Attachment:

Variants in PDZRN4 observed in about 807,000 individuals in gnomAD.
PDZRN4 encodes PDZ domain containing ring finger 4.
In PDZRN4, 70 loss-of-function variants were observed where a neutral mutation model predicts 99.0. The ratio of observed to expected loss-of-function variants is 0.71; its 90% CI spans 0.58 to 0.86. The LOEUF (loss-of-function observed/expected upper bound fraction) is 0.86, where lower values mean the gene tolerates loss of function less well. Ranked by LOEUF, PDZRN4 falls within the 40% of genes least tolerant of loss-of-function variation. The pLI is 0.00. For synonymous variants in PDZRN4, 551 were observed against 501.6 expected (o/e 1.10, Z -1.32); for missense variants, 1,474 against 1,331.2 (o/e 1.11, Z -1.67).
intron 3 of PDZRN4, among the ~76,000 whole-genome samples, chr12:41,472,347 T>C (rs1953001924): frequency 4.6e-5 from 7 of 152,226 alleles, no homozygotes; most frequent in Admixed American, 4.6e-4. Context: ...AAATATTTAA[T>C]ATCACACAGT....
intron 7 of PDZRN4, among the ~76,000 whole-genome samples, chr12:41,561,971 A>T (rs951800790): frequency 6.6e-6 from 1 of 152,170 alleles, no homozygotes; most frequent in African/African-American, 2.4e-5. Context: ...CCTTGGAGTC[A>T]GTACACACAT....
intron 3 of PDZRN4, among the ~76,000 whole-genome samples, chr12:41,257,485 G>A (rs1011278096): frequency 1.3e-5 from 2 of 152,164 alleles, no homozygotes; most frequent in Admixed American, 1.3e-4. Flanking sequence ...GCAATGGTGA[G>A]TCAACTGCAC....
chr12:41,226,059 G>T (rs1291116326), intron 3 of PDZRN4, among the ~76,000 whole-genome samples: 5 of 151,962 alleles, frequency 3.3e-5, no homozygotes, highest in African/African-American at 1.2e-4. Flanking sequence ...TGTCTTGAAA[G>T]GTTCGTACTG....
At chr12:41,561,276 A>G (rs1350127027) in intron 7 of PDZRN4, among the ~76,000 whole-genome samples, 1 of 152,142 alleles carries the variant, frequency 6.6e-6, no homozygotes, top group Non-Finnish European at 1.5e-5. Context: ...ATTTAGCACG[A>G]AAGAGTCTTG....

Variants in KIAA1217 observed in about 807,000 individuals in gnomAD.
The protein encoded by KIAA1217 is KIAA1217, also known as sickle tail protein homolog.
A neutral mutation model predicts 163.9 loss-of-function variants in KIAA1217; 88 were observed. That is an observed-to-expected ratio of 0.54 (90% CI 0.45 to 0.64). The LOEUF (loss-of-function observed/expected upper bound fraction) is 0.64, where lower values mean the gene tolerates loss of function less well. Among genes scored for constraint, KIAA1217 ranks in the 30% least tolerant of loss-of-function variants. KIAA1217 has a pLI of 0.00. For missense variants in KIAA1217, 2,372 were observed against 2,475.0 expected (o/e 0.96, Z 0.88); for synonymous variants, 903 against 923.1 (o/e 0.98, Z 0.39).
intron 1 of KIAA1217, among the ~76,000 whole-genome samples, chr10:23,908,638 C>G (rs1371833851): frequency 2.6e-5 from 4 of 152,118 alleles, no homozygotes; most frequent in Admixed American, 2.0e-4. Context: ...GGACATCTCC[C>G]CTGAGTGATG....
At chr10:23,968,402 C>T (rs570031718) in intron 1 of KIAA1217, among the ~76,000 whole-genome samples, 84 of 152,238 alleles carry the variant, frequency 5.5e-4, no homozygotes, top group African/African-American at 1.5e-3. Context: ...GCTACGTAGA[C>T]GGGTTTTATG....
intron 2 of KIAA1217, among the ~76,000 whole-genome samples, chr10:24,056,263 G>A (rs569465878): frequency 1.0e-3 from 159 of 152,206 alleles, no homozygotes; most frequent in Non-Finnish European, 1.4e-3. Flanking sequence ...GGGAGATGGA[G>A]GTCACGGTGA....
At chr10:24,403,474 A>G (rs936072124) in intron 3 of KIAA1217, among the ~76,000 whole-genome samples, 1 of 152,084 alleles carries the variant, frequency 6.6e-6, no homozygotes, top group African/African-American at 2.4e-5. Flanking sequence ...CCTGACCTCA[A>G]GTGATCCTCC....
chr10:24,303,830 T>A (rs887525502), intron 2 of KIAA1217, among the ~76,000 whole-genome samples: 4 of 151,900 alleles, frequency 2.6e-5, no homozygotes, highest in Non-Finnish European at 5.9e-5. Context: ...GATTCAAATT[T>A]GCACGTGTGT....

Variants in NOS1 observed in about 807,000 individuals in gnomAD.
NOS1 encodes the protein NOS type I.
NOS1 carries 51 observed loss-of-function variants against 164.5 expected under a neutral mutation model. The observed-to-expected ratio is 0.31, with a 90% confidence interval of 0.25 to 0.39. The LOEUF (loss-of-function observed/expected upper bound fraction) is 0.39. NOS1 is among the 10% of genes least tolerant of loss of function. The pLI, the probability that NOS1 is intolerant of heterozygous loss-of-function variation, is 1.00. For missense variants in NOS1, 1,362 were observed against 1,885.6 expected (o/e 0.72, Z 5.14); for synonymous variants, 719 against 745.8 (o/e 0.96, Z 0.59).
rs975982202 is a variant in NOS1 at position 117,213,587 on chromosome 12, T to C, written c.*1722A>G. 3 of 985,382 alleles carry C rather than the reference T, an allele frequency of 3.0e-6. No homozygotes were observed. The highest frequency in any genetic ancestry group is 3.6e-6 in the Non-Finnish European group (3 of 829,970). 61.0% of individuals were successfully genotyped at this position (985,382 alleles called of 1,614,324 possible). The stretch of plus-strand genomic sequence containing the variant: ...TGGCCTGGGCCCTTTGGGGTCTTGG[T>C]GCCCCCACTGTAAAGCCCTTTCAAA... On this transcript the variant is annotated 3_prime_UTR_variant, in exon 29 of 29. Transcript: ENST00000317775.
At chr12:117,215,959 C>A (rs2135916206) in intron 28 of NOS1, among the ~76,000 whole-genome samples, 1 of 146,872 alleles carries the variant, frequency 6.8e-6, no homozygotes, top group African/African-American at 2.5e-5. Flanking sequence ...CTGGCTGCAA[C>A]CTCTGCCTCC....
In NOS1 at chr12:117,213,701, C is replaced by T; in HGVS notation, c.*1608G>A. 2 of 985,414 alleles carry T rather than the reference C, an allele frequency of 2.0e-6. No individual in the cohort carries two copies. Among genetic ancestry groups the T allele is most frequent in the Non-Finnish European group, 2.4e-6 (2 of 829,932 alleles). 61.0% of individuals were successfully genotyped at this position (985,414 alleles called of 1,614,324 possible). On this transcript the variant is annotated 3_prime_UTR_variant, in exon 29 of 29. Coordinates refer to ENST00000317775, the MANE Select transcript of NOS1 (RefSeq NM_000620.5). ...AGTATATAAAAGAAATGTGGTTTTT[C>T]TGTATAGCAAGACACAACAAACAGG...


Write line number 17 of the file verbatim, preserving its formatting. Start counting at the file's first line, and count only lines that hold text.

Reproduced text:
Variants in NOS1 observed in about 807,000 individuals in gnomAD.